Porcine Reproductive and Respiratory Syndrome: A Review16 October 2015
The clinical presentation and signs of porcine reproductive and respiratory syndrome virus (PRRSv) infection differ significantly between herds, depending on the stage of pregnancy when infected in sows and the age of the pig.
- Clinical presentation of PRRSV depends on the trimester of gestation of infected females and on the age of infected pigs.
- It induces fever, pneumonia, lethargy, failure to thrive, and mortality. Also, red-blue colouring of skin and oedema.
- In sows, it can cause abortions, premature farrowings, stillborn foetuses, agalactia and post-weaning return to oestrus and increased sow mortality.
- Most of the clinical signs have been reproduced experimentally but the typical field usually complicate the clinical presentation.
- In finishing pigs as well as in unbred gilts and boars, frequent subclinical infections can also be found.
The clinical presentation and signs of PRRSv infection differs significantly between herds. And it has two different types of clinical signs: reproductive and respiratory.
In sows and gilts, the clinical presentation of PRRSV depends on the trimester of gestation (if gestating) of the infected female.
It induces abortions in gestating sows that may be sporadic to storm outbreaks and can persist for short periods 10 to 12 weeks and up to four to six months. Also, late term abortions or premature farrowing are seen in late infections, with stillborn foetuses, partially autolysed or mummified.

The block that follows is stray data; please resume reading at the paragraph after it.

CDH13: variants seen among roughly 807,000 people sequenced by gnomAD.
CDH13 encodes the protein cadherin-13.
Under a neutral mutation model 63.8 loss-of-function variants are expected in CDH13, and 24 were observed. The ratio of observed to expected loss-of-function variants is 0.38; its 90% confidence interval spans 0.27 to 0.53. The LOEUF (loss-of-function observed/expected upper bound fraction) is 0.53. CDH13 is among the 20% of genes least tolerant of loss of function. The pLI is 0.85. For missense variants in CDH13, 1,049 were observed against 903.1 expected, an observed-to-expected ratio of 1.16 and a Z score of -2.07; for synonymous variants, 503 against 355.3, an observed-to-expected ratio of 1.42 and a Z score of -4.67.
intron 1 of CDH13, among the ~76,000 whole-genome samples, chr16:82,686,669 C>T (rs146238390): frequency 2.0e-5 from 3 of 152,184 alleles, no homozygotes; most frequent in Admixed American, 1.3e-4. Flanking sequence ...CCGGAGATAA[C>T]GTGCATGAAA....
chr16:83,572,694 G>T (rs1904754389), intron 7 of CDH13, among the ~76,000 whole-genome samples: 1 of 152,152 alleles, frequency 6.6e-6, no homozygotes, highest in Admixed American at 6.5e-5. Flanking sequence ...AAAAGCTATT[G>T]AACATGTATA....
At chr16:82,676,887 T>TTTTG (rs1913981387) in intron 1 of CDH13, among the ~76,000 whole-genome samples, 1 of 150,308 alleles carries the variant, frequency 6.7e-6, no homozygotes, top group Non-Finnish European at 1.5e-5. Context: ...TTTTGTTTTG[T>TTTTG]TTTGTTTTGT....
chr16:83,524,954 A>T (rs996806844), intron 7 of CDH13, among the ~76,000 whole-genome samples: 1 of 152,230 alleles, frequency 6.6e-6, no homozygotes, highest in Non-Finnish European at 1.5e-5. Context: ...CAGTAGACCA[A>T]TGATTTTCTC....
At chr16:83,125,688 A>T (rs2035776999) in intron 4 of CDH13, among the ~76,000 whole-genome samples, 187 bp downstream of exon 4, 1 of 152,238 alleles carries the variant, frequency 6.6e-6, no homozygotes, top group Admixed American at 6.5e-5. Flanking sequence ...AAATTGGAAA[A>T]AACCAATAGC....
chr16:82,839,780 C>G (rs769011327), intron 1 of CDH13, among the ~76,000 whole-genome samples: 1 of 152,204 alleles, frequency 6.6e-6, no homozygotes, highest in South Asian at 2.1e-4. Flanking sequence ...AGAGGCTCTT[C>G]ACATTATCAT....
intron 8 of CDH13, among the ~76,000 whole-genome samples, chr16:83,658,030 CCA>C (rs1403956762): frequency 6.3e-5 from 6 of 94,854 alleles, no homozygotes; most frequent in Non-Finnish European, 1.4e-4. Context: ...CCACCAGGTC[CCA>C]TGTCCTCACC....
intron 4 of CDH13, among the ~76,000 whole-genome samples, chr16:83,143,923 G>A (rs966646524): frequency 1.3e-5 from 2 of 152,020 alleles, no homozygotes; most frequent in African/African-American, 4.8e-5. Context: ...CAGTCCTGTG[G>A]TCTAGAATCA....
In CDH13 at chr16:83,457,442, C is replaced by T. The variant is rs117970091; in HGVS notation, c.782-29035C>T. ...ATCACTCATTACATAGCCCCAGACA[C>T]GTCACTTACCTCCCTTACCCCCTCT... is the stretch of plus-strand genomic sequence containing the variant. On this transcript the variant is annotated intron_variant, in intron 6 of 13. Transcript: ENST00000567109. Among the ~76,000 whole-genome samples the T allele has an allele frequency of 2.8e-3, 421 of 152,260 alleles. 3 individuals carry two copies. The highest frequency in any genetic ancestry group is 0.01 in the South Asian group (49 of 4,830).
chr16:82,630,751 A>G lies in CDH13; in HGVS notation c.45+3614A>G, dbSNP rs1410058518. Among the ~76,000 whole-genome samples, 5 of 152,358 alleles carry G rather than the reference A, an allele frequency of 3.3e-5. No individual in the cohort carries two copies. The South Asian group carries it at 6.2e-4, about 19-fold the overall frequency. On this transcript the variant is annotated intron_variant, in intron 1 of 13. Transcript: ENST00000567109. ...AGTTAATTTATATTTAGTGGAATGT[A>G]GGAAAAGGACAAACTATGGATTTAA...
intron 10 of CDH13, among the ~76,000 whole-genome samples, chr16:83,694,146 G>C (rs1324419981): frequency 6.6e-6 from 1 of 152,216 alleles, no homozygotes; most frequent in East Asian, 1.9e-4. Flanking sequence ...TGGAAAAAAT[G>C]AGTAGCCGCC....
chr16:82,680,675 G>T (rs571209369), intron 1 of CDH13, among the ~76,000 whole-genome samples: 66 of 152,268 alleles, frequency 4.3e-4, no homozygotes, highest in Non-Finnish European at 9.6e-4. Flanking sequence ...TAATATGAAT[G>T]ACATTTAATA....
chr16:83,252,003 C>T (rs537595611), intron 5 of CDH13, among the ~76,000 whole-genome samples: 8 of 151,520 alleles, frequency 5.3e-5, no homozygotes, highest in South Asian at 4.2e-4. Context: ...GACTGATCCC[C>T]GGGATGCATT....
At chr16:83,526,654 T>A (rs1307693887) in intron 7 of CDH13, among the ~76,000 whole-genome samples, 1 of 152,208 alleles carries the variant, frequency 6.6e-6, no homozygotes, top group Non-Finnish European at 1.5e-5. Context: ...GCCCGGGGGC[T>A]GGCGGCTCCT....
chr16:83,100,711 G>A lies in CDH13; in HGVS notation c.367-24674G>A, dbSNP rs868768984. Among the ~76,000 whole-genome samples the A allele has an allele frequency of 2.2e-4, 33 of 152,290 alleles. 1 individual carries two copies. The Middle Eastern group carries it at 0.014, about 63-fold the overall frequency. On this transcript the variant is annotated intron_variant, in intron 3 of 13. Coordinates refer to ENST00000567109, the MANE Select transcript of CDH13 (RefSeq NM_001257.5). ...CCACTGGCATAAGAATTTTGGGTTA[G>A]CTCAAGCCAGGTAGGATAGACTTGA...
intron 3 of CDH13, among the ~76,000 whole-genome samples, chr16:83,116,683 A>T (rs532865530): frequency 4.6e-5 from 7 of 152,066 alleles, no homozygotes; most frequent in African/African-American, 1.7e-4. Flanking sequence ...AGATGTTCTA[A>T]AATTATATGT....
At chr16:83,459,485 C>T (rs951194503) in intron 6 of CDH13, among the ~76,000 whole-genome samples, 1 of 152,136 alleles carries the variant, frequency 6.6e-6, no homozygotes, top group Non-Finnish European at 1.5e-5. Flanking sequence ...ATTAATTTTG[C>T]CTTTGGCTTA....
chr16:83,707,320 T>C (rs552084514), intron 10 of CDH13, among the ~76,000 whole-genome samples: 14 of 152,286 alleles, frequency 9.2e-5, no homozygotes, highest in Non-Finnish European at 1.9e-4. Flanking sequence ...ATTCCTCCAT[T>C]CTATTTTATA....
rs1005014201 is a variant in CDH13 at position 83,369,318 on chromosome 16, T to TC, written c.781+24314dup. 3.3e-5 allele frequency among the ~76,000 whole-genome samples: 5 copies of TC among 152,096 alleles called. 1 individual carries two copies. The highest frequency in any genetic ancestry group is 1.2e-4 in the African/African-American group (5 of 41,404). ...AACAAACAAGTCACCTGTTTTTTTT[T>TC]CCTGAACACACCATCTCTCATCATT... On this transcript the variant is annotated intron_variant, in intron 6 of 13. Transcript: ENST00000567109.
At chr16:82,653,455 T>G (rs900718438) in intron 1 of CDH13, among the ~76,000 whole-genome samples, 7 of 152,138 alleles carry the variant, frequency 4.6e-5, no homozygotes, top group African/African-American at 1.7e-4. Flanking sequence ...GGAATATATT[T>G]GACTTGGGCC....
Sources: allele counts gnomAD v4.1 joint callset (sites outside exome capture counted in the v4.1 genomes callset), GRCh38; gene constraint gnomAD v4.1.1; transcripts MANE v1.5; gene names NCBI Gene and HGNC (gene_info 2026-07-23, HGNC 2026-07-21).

Other clinical signs in sows and gilts can be, in different degrees of intensity: fever, lethargy, anorexia, pneumonia, red-blue colouring of ears and vulva, subcutaneous edema, agalactia and post-weaning return to oestrus and increased sow mortality.
Pigs infected in utero or shortly after birth show severe dyspnoea, tachypnea, anorexia, fever and conjunctivitis. Other signs like periocular oedema, blue discoloration of ears, eritema, diarrhoea, shaking, and rough hair are also commonly seen. Moreover, mortality rates can go up to 100 per cent.
Weaned piglets and finishing pigs
PRRSV infection in pigs depend also on the age of the pig infected and are characterised by fever, pneumonia, lethargy, failure to thrive and mortality.
Most of the clinical signs described for PRRS infections on the field have also been reproduced by experimental PRRS infections; but the typical field co-infections may confuse and complicate the clinical presentation. These concurrent infections often increase mortality in a synergistic manner up to 15 per cent.
In finishing pigs as well as in unbred gilts and boars, frequent subclinical infections can also be found.
Gross lesions caused by PRRSV infection also differ broadly and depend on the virus strain, genotype of the pigs and stress factors (environment and health status of the pig herd).
Lung lesions differ from none to diffuse consolidation and are commonly complicated by lesions resulting from concurrent bacterial infections, which can be separate or intermixed.
Rossow, K.D. 1998. Porcine reproductive and respiratory síndrome. (A review). Vet. Pathol. 35:1-20.
Article summarized by www.prrs.com